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Can An Accused In A Criminal Trial Be Exempted From Personal Appearance?

One of the essential postulates of Criminal Law is that the trial should take place in the presence of the accused person. This emanates from the rules of Natural Justice, which mandates that the other side should be given sufficient opportunity to rebut hostile evidence against him/her.

It is also embedded in Section 273 of the Code of Criminal Procedure, 1973, which says that evidence against accused should be taken in the presence of accused. However, there are certain provisions in the Code of Criminal Procedure which entitle an accused to remain absconding from personal appearance, subject to the discretion of the Court.

The present article will explore the powers of the Court in dispensing with personal appearance, & the conditions upon accused it can impose upon.

Provisions Of Law Under Which Accused Can Seek Personal Exemption From

The Court is entitled to dispose of the personal appearance of accused before the Court under Section 205 or Section 317 of the Code of Criminal Procedure. A bare perusal of these provisions makes it clear that the Court is empowered to dispose of the personal appearance of accused at any stage of the Trial. Section 205 empowers the Court to grant exemption from personal appearance, at the incipient stage of the trial, while Section 317 of the Code covers the stage after commencement of trial. As per Section 205(1) of the Code the Magistrate has the power to dispense with personal appearance of accused, even at stage of issuance of summons.

It is important to note that the power under Section 205 of the Code is the exclusive power of the Magistrate, on the other hand the power under Section 317 is available to the Session's Judge as well.

Evolution Through Case Law Jurisprudence

Power of the Court to exempt an accused from personal appearance in a criminal trial can be exercised, considering the circumstances of the particular case, nature of allegations involved & the necessity of personal appearance. Usually, personal appearance is the norm in offenses which involve moral turpitude. When the Courts are dealing with an application for personal exemption, then they must take into appraisal whether the insistence on personal appearance would cause difficulty and inconvenience, as compared to the insistence upon personal appearance by the Court.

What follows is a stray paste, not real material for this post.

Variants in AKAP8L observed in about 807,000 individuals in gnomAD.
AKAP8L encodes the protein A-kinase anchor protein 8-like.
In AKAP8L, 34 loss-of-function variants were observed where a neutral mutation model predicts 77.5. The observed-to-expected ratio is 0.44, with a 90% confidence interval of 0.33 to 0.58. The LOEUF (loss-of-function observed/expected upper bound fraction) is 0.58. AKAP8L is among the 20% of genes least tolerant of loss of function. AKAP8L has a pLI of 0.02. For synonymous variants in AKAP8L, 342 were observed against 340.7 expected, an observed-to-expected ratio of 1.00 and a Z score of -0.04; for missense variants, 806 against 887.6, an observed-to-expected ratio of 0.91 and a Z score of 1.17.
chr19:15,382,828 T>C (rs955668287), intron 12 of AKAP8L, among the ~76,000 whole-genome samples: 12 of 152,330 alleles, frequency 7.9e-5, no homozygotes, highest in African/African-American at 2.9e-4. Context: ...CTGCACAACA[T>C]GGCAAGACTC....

1. Provisions Of Law Under Which Accused Can Rely Upon To Seek Exemption?
    Accused can get relief from personal attendance under Section 205 or Section 317 of Code of Criminal Procedure. A bare perusal of these Sections makes it clear that the Court is authorized to grant exemption at any stage of the proceedings. Section 205 gives discretion to the Court to grant relief to accused, right from the commencement of proceedings. On the other hand, Section 317 of the Code deals with the stage after commencement of trial. The accused need not appear personally before the Magistrate, to seek exemption.

    Section 205(1) states, that at the time of issuing Summons, the Magistrate is empowered to dispense with personal appearance at the initial stages, and allow him to appear through Pleader. Magistrate is empowered to do so even without prayer for the same.
  2. Case Law Development
    The power to grant exemption from personal attendance is exercised, keeping in mind the circumstances of the case, condition of the accused, & the necessity of personal appearance. Granting of exemption is dependant on the facts & circumstances of a particular case. Usually, accused in crimes of moral turpitude are not granted exemption, and are have to be present on all dates of hearing. If person has been accused of some minor crime, which is more in the nature of a misdemeanour, exemption is usually given.

    If we do an analysis of the Case Law's we see circumstances where the Court has not allowed exemptions and, in some situations, where Court has granted exemption.

The Liberal Approach:
Courts usually adopt a liberal & generous approach in granting exemption in these cases. The intent behind granting these exemptions is that proceedings against the accused should be decided expeditiously, & adjournment should not be granted because of absence of accused.

Courts have repeatedly emphasized that accused should only be compelled to appear when their presence is necessary, for example a Witness needing to identify them. It was held in the case of Halen Rubber Industries vs State of Kerela that exemption should be liberally to old persons, sick and infirm persons, people who live far from the Court and also busy industrialists.

The Supreme Court in Puneet Damia vs CBI allowed the exemption application of an industrialist who had travel weekly, from Delhi to Hyderabad to attend the proceedings there.
The Supreme Court in Abdul Gafoor vs Kerela granted exemption to a person who made was an accused in a case, due to the position which he was occupying at that time.
Exception was also granted to an engineer who was working in the United States and had been accused of an offense in India.

Strict Approach
The Court in the case of Lily Begum v. Joy Chandra Nagbansh declined to exempt a person, who was accused of offenses like rape and murder. The Court will also refuse to grant exemption if the exemption will cause a delay in the trial proceedings.

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